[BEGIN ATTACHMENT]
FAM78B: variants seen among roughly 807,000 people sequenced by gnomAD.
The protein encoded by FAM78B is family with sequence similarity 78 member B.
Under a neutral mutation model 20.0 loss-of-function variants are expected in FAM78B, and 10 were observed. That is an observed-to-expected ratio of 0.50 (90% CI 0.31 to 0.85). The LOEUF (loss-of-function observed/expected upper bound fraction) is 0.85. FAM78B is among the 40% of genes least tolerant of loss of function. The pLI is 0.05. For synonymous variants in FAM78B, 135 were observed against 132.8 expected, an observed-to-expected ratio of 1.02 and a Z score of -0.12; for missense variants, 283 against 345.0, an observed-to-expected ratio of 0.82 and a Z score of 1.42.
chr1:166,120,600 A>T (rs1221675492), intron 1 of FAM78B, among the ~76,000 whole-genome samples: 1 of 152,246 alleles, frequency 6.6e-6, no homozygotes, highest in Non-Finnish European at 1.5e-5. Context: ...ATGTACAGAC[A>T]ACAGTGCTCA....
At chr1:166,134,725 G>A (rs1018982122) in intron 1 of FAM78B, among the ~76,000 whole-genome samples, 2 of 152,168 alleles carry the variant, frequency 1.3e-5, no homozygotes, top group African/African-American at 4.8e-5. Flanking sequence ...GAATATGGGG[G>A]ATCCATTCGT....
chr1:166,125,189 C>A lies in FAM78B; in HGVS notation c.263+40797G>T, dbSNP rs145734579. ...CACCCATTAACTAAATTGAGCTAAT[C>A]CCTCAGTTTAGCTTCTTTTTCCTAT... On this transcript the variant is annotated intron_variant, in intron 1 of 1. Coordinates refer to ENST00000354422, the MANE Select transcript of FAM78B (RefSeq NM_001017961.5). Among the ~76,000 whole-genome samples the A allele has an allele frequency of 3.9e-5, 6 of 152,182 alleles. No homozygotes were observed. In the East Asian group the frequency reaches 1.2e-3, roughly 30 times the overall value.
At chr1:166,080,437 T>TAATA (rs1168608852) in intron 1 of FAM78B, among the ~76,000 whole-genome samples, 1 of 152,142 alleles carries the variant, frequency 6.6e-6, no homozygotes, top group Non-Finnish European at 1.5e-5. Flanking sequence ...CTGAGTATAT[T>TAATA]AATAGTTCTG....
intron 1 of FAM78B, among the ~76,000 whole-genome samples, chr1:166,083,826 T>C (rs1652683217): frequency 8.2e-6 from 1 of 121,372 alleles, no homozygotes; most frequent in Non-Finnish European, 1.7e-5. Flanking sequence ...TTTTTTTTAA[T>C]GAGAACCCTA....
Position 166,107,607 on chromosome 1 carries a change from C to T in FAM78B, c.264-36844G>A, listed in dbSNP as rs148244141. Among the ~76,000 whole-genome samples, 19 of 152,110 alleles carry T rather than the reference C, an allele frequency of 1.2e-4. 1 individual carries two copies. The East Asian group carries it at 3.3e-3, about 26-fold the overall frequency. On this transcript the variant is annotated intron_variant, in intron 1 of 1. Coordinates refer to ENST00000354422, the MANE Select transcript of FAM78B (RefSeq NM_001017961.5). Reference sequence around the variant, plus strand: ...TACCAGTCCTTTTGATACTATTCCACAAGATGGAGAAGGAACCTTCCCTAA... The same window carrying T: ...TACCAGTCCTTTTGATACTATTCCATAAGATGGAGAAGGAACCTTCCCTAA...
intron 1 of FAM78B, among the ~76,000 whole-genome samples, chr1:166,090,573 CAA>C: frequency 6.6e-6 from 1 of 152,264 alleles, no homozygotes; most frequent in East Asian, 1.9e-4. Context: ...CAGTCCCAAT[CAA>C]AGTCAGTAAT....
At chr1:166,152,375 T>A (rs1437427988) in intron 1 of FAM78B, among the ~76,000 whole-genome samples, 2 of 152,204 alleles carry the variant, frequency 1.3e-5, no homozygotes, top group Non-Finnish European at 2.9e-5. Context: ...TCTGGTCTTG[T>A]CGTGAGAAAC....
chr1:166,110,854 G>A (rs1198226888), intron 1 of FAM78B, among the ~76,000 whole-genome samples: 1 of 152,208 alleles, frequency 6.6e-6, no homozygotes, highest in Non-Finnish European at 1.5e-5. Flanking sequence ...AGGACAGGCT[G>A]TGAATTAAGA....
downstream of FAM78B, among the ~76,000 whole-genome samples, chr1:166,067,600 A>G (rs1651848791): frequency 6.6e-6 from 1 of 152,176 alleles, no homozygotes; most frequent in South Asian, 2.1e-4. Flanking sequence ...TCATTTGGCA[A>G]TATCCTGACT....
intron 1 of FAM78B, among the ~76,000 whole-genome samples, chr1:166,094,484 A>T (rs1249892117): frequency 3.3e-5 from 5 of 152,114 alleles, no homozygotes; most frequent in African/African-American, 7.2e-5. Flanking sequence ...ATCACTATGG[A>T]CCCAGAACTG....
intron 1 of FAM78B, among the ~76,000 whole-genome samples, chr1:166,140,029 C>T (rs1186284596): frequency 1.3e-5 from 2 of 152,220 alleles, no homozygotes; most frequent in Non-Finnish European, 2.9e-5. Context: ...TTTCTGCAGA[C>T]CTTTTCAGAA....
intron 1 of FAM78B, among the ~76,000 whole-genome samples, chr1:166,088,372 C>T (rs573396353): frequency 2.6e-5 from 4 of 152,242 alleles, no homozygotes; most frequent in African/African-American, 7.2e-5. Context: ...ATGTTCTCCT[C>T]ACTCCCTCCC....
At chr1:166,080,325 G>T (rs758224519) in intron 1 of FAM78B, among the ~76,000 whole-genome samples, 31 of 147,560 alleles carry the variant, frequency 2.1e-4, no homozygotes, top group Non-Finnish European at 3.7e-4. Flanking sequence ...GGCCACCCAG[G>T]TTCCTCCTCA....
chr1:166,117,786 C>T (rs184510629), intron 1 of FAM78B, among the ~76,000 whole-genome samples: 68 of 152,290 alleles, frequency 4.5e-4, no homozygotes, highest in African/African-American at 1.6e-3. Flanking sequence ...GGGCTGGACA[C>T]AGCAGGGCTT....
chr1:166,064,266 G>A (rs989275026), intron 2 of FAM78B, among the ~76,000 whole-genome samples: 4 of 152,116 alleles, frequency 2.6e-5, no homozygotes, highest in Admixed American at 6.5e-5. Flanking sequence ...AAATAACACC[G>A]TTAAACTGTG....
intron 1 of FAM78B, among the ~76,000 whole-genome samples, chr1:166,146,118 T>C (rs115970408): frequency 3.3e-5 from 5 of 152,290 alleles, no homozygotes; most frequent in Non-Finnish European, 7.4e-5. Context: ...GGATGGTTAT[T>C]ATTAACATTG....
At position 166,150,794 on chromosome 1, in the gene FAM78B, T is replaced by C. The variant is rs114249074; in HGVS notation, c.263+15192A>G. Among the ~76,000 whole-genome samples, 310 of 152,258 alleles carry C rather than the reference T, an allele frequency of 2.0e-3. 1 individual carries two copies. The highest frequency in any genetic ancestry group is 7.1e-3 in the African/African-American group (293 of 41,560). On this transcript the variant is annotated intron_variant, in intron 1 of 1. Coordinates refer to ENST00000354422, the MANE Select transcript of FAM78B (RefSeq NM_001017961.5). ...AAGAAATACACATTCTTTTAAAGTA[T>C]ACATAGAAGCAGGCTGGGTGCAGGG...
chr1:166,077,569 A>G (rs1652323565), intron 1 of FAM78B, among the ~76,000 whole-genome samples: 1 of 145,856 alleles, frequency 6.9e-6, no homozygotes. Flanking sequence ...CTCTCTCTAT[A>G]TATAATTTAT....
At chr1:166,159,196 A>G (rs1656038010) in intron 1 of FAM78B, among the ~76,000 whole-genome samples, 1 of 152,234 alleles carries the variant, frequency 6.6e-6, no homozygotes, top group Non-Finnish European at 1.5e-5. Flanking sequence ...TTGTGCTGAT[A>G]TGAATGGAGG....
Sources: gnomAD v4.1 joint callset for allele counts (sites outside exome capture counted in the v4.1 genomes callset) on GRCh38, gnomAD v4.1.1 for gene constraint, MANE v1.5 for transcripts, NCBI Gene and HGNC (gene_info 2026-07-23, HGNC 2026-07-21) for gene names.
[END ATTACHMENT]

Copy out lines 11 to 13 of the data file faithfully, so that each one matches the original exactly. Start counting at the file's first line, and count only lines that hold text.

At chr1:166,152,375 T>A (rs1437427988) in intron 1 of FAM78B, among the ~76,000 whole-genome samples, 2 of 152,204 alleles carry the variant, frequency 1.3e-5, no homozygotes, top group Non-Finnish European at 2.9e-5. Context: ...TCTGGTCTTG[T>A]CGTGAGAAAC....
chr1:166,110,854 G>A (rs1198226888), intron 1 of FAM78B, among the ~76,000 whole-genome samples: 1 of 152,208 alleles, frequency 6.6e-6, no homozygotes, highest in Non-Finnish European at 1.5e-5. Flanking sequence ...AGGACAGGCT[G>A]TGAATTAAGA....
downstream of FAM78B, among the ~76,000 whole-genome samples, chr1:166,067,600 A>G (rs1651848791): frequency 6.6e-6 from 1 of 152,176 alleles, no homozygotes; most frequent in South Asian, 2.1e-4. Flanking sequence ...TCATTTGGCA[A>G]TATCCTGACT....